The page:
During the Introduction and the opening chapters (on Mexico and Brazil), I was caught up in the incredible amount of knowledge that juggernauted its way through the pages. After an overview of what has happened in the world due to the central banks, author Nomi Prins than backtracked and provided a fascinating breakdown for various countries. Each chapter takes you in a different direction, but you begin to see how everything ties together and, of course, how one central bank’s actions affect th During the Introduction and the opening chapters (on Mexico and Brazil), I was caught up in the incredible amount of knowledge that juggernauted its way through the pages. After an overview of what has happened in the world due to the central banks, author Nomi Prins than backtracked and provided a fascinating breakdown for various countries. Each chapter takes you in a different direction, but you begin to see how everything ties together and, of course, how one central bank’s actions affect the rest of the world.I was not happy, however, when I reached the chapter on China. The book took on a different tone, right down to the chapter headings. Rather than comments on the book’s information, Ms. Prins chose to celebrate her China chapter using the Chinese Zodiac (Year of the Rabbit, Year of the Dragon, etc.) rather than comment on China’s actions. At times, it almost seemed as if China could do no wrong. The word “collusion” is used to excess in this book. During a YouTube video of Ms. Prins, she explained that while optimistic people might use collaboration (working together to create something), she preferred collusion (secret or illegal cooperation or conspiracy, especially in order to cheat or deceive others). It is difficult to believe that countries from around the world got together and deliberately devised a system while conspiring to deceive and cheat others, which is the message the book conveys. It is easier to believe that a system that was believed to be helpful was initiated, and once in place, it was allowed to continue (doing the same things over and over, expecting different results seems to apply here). Taking the factual aspects of the book, this chain of events can be supported.While the overuse of the word collusion distracts, there is no doubt that the information provided is impressive. Featuring individual central banks in chapter allows readers to easily grasp the history and gain understanding (what was done, why it was done and at whose behest). My feelings were that this information is damning enough without using the accusation of collusion like a virtual club. The velvet glove approach to China didn’t gel with the rest of the book. As demonstrated in the other chapters, central bankers are going to do what they feel is best for their countries and the world as they believe it should evolve to become, no matter which central bank each represents. When you walk through mud, you’re bound to dirty your shoes. No country is immune.This book provides an excellent accounting of what happened, allowing a deep introspection from different angles. Reasonings and subsequent decisions that may have appeared murky when the events were happening become clear. Ms. Prins backs up her writing with an extensive listing of footnotes, taking up approximately a third of the book. It would be difficult to pass by a book as heavily researched and detailed as this one. Four stars.My thanks to NetGalley and Perseus Books, Public Affairs for an advance reading copy of this book.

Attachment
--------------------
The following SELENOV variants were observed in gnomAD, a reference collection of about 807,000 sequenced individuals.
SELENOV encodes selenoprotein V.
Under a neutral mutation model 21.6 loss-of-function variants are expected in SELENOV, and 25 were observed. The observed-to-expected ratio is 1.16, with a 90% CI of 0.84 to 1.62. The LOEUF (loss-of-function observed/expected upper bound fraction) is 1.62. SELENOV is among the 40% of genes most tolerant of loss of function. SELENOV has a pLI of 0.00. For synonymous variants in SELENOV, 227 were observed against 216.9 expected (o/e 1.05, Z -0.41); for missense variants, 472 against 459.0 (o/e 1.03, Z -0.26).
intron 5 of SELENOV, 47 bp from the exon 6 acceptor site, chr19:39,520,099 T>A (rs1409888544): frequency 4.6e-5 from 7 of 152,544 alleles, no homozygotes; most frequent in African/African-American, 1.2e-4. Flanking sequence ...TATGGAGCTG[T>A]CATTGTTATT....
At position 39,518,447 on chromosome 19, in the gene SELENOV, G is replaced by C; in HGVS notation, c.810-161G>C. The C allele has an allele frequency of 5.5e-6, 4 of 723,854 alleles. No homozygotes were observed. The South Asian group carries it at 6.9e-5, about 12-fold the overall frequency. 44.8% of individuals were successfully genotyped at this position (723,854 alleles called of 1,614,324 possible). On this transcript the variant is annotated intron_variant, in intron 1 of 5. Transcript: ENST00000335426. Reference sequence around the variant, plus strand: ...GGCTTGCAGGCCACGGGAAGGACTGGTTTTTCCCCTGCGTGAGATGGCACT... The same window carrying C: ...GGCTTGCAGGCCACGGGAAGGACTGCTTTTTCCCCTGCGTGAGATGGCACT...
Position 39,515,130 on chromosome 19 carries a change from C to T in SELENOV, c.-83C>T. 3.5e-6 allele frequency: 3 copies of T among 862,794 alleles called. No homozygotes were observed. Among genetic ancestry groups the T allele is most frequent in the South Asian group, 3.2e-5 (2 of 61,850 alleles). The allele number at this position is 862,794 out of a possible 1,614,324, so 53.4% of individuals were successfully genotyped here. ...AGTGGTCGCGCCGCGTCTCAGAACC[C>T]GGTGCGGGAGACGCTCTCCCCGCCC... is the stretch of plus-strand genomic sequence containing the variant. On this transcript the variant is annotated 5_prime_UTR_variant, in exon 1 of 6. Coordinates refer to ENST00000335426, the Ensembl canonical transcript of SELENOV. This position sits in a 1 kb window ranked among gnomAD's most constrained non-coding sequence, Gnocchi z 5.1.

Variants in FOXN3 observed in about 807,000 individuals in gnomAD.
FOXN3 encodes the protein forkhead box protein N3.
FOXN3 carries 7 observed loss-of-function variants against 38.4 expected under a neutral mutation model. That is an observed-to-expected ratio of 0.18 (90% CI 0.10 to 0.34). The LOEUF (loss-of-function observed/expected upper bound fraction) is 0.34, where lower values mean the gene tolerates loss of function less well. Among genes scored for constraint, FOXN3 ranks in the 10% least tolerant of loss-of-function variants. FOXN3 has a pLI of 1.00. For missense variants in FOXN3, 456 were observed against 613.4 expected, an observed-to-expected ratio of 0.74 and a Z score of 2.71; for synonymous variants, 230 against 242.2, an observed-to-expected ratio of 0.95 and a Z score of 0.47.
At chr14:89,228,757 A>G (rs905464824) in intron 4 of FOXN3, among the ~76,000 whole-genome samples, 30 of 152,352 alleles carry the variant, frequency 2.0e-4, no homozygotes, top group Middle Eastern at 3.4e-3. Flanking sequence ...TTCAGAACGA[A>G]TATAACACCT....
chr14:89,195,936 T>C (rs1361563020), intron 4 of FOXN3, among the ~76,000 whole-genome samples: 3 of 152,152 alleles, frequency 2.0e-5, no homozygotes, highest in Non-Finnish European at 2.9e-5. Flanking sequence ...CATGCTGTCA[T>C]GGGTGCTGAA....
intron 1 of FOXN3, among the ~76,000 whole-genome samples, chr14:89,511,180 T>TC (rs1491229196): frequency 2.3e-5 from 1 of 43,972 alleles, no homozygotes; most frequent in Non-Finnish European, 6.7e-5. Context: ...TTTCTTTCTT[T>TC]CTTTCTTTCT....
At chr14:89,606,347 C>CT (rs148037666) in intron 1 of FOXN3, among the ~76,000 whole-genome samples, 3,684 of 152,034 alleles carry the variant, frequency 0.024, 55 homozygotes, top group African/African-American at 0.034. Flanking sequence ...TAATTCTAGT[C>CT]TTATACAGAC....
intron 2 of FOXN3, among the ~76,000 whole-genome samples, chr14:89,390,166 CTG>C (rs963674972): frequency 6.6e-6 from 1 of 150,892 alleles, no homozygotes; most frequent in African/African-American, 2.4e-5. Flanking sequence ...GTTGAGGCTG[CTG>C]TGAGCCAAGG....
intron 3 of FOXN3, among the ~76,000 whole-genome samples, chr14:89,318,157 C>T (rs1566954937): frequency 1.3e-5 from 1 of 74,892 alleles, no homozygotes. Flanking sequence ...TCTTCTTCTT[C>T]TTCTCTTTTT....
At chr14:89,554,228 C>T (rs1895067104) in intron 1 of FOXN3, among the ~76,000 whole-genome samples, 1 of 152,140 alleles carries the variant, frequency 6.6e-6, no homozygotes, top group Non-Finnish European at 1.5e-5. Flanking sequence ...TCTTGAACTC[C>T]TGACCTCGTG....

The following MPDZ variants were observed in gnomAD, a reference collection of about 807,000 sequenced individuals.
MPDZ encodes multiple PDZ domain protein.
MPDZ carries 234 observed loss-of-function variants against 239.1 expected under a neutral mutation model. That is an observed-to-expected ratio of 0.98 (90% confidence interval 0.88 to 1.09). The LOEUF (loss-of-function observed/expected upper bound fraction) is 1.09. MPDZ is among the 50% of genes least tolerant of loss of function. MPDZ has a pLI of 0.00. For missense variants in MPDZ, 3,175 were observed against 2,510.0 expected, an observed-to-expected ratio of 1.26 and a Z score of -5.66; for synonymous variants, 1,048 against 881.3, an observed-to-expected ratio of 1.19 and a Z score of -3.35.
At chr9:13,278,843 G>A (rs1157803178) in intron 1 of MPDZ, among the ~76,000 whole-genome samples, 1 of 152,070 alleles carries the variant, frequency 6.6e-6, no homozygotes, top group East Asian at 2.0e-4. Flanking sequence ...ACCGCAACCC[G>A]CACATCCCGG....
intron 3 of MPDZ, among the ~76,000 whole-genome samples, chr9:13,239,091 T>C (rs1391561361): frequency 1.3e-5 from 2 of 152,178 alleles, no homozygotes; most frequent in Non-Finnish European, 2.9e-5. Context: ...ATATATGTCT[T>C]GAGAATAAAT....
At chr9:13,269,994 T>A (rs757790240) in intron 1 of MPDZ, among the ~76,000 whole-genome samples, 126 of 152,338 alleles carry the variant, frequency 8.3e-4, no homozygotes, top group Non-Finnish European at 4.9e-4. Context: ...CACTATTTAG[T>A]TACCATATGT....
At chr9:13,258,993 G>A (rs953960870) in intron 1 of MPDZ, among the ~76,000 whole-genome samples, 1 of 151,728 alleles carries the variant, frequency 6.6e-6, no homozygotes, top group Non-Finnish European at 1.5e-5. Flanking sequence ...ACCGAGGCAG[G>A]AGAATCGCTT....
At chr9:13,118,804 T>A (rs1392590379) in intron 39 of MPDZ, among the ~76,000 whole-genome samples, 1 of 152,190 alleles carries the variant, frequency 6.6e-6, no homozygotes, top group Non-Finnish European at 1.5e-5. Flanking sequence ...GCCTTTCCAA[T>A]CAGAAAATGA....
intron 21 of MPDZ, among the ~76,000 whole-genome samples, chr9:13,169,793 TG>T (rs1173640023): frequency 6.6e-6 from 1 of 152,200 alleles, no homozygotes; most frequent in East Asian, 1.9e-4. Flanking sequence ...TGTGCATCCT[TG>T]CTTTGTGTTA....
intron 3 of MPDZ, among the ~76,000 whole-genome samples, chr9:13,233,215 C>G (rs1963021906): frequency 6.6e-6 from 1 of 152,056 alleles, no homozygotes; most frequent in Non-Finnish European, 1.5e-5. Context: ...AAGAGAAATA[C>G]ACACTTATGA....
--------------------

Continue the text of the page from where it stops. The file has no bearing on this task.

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  • Glen